Lepanto: The Most Important Battle No One Knows

"Allegory of the Battle of Lepanto" by Paolo Veronese.

By Timothy Furnish Published on October 7, 2021

When you think of turning points in history, what comes to mind? Revolutions? Natural disasters? Plagues? Assassinations? Military conflicts, however, have probably been the most influential type of event, even if liberal academia has decided it “ain’t gonna study war no more.” But despite the lack of emphasis on warfare by educators, some important battles are known to the public. At least ones in American history. Bunker Hill. Gettysburg. Pearl Harbor. Not a lot of ones from earlier centuries strike a chord, alas. The Milvian Bridge. Tours. The Horns of Hattin.

I’d be willing to bet practically no one today knows what happened on October 7, 1571.

Lepanto — Erased from the Collective Consciousness?

On this date, 450 years ago, the combined naval forces of Europe’s Catholic states, the “Holy League,” saved Western civilization. The Ottoman Empire, which ruled not just the Middle East but large chunks of eastern Europe, wanted more territory and to extinguish the annoying Christian opposition from central and western Europe. To do so, Sultan Selim II sent a huge naval force to conquer Rome and capture or kill the Pope. Nearly 300 Ottoman warships headed west, from Turkish-ruled Greece.

The Ottomans had been on the offensive for two centuries. But it had mostly been by land. Since taking Constantinople, and finally wiping out the Byzantine Empire, in 1453. Serbia. Hungary. Crete. All fell before the Islamic Empire and its feared janissaries. Although the threat of Islam in the west had been quelled by the Reconquista, it seemed that Muhammad’s followers might well win coming from the opposite compass point.

The Ottomans were never quite the equal of the Europeans as mariners, but they had fashioned a formidable navy to go along with their powerful infantry and cavalry.

Europe was wracked at this time by the Reformation, which no doubt contributed to the Ottoman sense that they could win over a religiously-divided Europe.

The Competing Navies

Despite that handicap, the main Catholic powers — Spain and Venice, as well as the Papal states and others — negotiated a response to this latest Ottoman thrust. They parried with a huge naval force of their own, of 200 ships. Both sides used types of galleys. These were ships with both sails and oars — very much like those employed in Roman and Greek times. However, the Catholic and Muslim navies had two major differences. The latter used slaves as oarsmen, not free men. And the former had developed a larger type of galley, a galleass. While these comprised only a few of the Western naval force, they were instrumental in victory. As converted merchant ships, they carried 28 naval artillery guns each. This firepower would prove devastating to the Ottomans’ numerous, but smaller, ships.

Both sides also had infantry on their ships. But whereas the Turks were armed with bows, the Spanish soldiers in particular had arquebuses. These were slower to fire, as gunpowder weapons. But they had much greater penetrating power.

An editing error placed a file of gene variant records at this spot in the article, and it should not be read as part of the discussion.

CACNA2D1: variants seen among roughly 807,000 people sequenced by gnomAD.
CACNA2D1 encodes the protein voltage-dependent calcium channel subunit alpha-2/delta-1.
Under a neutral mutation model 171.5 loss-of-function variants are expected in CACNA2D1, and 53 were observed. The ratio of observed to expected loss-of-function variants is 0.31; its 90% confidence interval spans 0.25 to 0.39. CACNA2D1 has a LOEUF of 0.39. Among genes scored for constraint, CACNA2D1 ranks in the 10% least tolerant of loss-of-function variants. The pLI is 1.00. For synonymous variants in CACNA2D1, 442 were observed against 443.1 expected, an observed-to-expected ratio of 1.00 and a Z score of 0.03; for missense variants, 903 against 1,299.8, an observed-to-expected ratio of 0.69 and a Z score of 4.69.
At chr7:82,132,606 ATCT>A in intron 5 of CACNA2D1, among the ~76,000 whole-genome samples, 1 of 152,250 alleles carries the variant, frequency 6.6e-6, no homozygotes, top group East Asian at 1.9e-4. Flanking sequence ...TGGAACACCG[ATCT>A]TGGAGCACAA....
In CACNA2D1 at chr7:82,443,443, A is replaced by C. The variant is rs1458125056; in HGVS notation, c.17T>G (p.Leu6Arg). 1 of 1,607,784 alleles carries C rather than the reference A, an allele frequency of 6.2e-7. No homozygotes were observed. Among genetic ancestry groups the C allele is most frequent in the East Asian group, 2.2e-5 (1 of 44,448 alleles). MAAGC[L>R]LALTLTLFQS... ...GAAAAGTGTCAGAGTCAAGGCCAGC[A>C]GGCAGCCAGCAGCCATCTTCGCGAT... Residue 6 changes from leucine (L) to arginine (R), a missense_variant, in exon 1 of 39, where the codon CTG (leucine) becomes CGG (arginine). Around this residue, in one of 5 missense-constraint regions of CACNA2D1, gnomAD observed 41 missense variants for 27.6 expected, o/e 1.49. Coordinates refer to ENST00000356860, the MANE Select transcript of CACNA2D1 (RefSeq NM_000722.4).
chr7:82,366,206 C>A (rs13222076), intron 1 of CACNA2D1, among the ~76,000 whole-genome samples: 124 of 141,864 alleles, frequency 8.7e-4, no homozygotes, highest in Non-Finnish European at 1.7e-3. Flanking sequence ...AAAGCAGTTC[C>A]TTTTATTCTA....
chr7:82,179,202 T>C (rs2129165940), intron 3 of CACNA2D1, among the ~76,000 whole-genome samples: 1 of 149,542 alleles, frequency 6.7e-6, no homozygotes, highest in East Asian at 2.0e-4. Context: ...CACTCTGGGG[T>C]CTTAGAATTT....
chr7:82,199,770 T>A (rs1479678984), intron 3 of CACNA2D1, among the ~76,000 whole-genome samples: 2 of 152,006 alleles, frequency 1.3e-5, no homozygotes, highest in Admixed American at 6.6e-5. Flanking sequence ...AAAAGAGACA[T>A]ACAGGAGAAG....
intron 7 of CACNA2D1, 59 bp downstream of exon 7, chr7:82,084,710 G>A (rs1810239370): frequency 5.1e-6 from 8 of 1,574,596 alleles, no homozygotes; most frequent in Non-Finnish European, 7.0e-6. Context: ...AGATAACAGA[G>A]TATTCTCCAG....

Catholic European Advantages

Besides weaponry, the Catholic forces had two other mundane advantages. First was leadership. The overall commander for the European side was Don Juan, an illegitimate son of Emperor Charles V. Something of a compromise choice for admiral, his leadership during the battle proved invaluable. He held together a squabbling coalition. He lobbied successfully for a frontal assault on the Ottomans. He took his own flagship into the thick of the battle. And during the battle he moved the Catholic naval forces to where they could do the most damage. For good reason Don Juan was considered the main hero of this momentous battle.

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In addition, the Christians had the upper hand psychologically. When the Turks had attacked Cyprus, their commander, Lala Mustapha, had promised the Christian defenders of Famagusta safe passage should they surrender. But when they did, he enslaved them and killed their commander — by torturing him, then flaying him alive. If this was intended to cow the rest of Europe, it did just the opposite. “They were furious, and that fury drove them into the Holy League with all the strength of their wrath” (T.C.F. Hopkins, Confrontation at Lepanto).

The Result

When the battle ended, the Ottomans had lost over 100 ships, and tens of thousands of men. The Holy League suffered only 17 ships sunk, and less than half the Turkish casualties. One doesn’t have to be Catholic to see an element of divine intervention in the Battle of Lepanto. Although prayer always seems to work better when coupled with superior weapons, tactics, and leadership. It’s a pity that this crucial battle is so little-taught today. The Ottomans were not done attacking Europe on land — they would besiege Vienna twice in the 17th century — but their myth of invulnerability was long gone after Lepanto.

“Lepanto slipped away beneath the waves and into the imagination of those who were not there, making it perfect fuel for myth. Yet myth does not rob it of its importance … . Whatever else it was or was not, this may describe it best: La mayor jornada que víeron los siglos — the greatest day’s work we have seen done in centuries — Miguel Cervantes wrote, and it is hard to argue with him: he was there” (Hopkins, p. 198).


Timothy Furnish holds a Ph.D. in Islamic, World and African history from Ohio State University and a M.A. in Theology from Concordia Seminary. He is a former U.S. Army Arabic linguist and, later, civilian consultant to U.S. Special Operations Command. He’s the author of books on the Middle East and Middle-earth, a history professor and sometime media opiner (as, for example, on Fox News Channel’s War Stories: Fighting ISIS).

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